Chief Compliance Officers are moving up the corporate ladder. They are being separated out of the legal function and empowered to exercise greater authority in the company. Research already has shown that this structure makes a company’s ethics and compliance program more effective.
The next challenge facing CCOs is to ensure that they have a seat at the Business Table – not just a chair and an ability to sit in on a meeting, but the ability to participate in the business in a real and meaningful way.
CCOs have to develop an important message on this topic. They have to explain why it is important that they become a meaningful partner for business strategy. The message should address: collaboration, communication and sustainability.
Senior management needs to collaborate with the CCO to ensure that they coordinate the business strategy for growth and the important ethics and compliance functions needed to support such growth. A CCO can help to identify the ethics and compliance risks the company will face as it implements its business strategy for growth (and possibly diversification).
As part of this same process, the CCO can identify areas where ethics and compliance programs will be needed to ensure that such growth occurs with proper ethics and compliance support. CCOs can help to mitigate any significant risks to the organization by early planning and proactive strategies rather than last-minute attempts to respond to risks.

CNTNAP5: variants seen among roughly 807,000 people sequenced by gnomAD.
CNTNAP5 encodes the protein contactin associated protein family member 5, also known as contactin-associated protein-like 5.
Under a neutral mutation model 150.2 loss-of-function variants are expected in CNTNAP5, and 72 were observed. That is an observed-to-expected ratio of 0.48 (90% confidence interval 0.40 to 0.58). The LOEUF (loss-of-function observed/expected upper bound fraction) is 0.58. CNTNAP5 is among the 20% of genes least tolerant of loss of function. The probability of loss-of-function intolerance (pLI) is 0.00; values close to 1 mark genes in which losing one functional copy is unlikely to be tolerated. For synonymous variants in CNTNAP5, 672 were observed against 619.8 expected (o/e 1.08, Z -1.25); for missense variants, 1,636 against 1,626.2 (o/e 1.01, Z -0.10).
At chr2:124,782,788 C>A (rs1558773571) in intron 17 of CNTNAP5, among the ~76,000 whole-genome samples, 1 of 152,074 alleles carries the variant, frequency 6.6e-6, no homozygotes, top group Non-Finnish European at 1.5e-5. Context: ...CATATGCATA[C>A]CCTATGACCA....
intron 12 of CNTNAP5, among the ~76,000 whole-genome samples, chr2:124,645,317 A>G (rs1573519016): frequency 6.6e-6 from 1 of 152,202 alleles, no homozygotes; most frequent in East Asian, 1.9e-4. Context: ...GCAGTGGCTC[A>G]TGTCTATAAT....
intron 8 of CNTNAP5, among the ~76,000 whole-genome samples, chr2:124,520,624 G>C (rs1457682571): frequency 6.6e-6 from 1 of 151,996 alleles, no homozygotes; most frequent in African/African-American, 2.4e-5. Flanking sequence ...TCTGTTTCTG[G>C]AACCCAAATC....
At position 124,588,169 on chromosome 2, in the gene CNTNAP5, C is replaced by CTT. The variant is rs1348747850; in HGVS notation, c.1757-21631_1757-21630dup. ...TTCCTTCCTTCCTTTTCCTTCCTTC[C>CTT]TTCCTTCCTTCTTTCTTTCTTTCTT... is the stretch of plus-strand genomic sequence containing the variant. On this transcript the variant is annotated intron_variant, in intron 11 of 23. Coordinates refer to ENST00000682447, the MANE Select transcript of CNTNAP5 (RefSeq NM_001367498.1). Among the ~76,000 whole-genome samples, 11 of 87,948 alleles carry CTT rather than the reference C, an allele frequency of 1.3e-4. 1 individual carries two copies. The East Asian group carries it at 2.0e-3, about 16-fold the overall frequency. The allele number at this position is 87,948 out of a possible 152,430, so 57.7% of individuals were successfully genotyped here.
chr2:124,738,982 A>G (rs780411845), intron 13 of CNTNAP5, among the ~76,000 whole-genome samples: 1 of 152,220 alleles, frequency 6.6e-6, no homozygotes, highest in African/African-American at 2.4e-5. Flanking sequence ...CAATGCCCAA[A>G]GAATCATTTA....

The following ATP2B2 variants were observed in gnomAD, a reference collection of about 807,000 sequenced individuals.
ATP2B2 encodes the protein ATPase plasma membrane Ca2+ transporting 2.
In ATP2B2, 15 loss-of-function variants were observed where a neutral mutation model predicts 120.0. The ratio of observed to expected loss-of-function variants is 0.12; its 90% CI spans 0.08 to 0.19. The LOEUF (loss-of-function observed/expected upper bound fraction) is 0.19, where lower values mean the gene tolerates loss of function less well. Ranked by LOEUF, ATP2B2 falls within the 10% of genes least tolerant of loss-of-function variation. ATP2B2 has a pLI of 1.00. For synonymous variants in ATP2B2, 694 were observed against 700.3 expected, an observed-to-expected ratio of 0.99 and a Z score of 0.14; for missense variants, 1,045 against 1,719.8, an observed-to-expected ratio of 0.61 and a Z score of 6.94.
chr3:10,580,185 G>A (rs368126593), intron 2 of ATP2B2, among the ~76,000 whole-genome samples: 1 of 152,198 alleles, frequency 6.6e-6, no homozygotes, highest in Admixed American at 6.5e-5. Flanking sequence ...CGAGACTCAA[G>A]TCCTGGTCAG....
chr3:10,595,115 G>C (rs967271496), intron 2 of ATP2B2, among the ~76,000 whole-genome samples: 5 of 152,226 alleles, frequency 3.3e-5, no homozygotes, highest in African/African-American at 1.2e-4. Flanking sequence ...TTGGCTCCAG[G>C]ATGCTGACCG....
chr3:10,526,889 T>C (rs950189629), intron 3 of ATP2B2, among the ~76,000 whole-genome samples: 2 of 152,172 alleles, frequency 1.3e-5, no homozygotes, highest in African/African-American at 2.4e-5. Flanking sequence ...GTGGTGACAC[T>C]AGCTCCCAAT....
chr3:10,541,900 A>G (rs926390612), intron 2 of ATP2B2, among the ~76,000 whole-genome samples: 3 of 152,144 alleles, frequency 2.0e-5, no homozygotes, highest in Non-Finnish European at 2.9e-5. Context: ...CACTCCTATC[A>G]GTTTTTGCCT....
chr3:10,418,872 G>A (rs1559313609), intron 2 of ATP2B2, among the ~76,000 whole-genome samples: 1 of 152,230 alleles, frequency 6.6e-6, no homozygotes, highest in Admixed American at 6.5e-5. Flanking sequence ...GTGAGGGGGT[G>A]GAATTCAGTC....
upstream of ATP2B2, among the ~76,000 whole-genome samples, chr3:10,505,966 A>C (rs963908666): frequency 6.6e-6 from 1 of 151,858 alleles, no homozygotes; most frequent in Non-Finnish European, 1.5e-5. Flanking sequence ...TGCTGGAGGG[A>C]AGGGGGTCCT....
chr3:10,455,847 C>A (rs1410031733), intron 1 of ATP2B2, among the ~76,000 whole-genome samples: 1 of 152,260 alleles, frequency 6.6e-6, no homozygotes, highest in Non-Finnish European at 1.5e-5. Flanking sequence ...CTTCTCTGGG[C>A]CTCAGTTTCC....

More importantly, CCOs can ensure that any strategic goals and initiatives comport with ethics and compliance requirements, value principles, industry standards and other requirements. In other words, CCOs can bring an important objective perspective to alternative business strategies.
Assuming that senior management and CCO are on the same page, they can communicate a consistent message, emphasizing similar points.
For example, a company that intends to grow through aggressive acquisitions can send a consistent message of responsible growth with proper due diligence review and timely integration of new businesses and employees. Also, senior management can emphasize important business principles for growth while reinforcing the message that the company will ensure efficient and effective operations.
Most importantly, an alliance between senior management and CCOs on strategy and initiatives will ensure sustainable results, both from the business perspective and from an ethics and compliance perspective. Senior management and CCOs reinforce each other and promote healthy growth that ultimately enhances the sustainability of the company’s operations.
All of this seems very obvious to everyone but many companies do not take the time to build this strategic alliance. CCOs are good for business and business is good for the CCO. In today’s environment, a disconnect between the ethics and compliance function and the business planning function inevitably leads to increased risks and inefficient business and compliance planning.
Business plans have to be reworked because of a failure to take into account ethics and compliance considerations. Similarly, ethics and compliance planning has to be revised to account for new business plans and initiatives that require a reallocation of compliance resources. In the extreme, poor planning can result in ethics and compliance program costs incurred as part of a crisis or other unexpected developments.
All of this can be avoided if CCOs are brought in to the business planning process and given a real seat at the table. The bottom line is that the ethcis and compliance program has to be aligned with the organization’s overall business strategy. That can only occur when the CCO has a seat at the business table. It seems obvious but CCOs have to make sure it happens.